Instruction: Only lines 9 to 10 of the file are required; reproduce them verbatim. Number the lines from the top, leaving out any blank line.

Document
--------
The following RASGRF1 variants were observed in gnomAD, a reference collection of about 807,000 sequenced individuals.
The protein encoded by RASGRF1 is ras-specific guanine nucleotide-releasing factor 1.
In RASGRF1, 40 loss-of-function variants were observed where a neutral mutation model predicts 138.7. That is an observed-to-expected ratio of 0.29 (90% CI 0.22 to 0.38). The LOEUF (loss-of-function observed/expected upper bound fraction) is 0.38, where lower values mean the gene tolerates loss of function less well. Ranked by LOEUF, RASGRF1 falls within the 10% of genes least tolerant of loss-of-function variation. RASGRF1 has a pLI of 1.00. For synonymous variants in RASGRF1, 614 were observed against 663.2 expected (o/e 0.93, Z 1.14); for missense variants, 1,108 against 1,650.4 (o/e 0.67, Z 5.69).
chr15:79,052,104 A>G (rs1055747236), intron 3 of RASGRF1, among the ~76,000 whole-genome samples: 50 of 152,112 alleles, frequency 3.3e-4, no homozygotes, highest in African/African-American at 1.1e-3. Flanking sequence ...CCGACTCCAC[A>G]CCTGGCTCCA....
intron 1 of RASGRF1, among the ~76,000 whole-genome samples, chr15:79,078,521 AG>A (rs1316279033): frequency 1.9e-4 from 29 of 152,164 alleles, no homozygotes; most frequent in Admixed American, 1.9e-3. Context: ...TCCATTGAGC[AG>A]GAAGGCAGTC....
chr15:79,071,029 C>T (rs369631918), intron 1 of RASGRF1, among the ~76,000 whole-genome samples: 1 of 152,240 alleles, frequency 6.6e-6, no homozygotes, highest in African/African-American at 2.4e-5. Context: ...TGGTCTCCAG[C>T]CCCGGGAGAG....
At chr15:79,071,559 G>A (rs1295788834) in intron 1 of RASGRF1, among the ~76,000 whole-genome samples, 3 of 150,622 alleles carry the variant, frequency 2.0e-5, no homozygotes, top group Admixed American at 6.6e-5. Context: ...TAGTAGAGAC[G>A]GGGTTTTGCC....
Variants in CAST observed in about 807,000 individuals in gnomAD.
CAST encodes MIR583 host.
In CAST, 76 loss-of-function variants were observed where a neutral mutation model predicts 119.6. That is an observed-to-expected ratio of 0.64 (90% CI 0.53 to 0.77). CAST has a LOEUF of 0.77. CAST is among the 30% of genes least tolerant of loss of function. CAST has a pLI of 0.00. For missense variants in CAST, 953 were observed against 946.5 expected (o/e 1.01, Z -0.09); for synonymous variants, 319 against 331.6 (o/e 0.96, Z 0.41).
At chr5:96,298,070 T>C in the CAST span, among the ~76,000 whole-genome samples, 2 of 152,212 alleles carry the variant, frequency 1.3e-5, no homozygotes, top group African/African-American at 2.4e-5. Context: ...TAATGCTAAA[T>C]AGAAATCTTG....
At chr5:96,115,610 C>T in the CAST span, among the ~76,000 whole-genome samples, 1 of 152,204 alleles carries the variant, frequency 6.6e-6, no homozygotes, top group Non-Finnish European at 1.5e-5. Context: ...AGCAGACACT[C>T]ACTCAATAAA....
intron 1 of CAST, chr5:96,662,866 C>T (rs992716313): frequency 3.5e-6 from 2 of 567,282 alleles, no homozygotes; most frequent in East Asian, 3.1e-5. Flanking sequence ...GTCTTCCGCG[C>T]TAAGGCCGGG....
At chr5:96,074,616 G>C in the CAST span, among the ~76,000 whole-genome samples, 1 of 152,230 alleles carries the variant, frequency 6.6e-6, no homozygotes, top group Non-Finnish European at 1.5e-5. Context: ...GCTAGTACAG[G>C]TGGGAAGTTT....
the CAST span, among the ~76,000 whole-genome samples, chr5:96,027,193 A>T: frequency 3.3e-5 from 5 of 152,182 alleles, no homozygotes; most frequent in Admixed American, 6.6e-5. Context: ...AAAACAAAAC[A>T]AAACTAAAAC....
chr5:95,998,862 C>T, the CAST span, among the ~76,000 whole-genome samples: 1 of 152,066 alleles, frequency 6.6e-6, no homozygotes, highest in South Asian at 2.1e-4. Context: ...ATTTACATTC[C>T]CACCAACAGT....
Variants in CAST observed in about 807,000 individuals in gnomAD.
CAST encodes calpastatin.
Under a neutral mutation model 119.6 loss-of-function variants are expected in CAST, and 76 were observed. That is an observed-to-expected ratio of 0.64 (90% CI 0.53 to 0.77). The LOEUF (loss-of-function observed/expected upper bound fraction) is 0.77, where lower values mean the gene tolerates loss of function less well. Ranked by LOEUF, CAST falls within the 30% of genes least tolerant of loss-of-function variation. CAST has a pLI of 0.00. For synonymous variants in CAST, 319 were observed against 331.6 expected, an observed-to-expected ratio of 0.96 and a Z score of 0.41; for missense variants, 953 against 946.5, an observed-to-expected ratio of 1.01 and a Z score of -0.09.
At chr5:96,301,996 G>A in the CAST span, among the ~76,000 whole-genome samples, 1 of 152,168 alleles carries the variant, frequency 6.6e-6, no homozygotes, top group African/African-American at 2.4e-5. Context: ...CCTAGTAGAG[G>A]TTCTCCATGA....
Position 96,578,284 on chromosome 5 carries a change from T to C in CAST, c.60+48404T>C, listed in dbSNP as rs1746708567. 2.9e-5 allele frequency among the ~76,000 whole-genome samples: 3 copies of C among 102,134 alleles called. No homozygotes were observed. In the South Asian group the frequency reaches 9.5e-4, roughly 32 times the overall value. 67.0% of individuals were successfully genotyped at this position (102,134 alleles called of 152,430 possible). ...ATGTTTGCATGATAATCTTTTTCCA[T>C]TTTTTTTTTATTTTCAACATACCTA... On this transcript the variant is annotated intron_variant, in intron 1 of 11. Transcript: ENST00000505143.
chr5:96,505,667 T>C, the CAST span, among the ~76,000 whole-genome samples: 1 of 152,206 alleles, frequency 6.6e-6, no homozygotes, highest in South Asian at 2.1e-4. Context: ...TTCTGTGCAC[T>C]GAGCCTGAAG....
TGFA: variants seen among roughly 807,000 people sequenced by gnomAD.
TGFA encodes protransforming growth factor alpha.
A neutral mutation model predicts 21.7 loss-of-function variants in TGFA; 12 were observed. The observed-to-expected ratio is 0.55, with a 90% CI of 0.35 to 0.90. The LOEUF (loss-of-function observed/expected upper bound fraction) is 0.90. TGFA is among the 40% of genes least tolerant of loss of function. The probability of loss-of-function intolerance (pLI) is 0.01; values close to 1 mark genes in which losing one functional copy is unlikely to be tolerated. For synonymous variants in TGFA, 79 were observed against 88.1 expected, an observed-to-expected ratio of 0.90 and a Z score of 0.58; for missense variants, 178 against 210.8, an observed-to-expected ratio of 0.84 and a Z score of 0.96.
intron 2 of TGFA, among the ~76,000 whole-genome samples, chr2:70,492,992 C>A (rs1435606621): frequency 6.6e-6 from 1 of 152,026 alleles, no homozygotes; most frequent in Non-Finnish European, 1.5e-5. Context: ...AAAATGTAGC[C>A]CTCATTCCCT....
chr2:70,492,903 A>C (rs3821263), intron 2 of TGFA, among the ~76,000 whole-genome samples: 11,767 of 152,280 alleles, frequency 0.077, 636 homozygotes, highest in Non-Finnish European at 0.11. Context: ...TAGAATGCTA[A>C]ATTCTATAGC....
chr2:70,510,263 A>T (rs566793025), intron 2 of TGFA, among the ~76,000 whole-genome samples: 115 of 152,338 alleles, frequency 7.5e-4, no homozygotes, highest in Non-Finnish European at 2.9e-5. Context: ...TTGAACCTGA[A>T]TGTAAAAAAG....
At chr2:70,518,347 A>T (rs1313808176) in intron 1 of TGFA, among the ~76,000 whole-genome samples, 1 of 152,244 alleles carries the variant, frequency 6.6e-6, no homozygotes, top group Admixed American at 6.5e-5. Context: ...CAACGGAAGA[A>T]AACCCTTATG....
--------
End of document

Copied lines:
CAST encodes MIR583 host.
In CAST, 76 loss-of-function variants were observed where a neutral mutation model predicts 119.6. That is an observed-to-expected ratio of 0.64 (90% CI 0.53 to 0.77). CAST has a LOEUF of 0.77. CAST is among the 30% of genes least tolerant of loss of function. CAST has a pLI of 0.00. For missense variants in CAST, 953 were observed against 946.5 expected (o/e 1.01, Z -0.09); for synonymous variants, 319 against 331.6 (o/e 0.96, Z 0.41).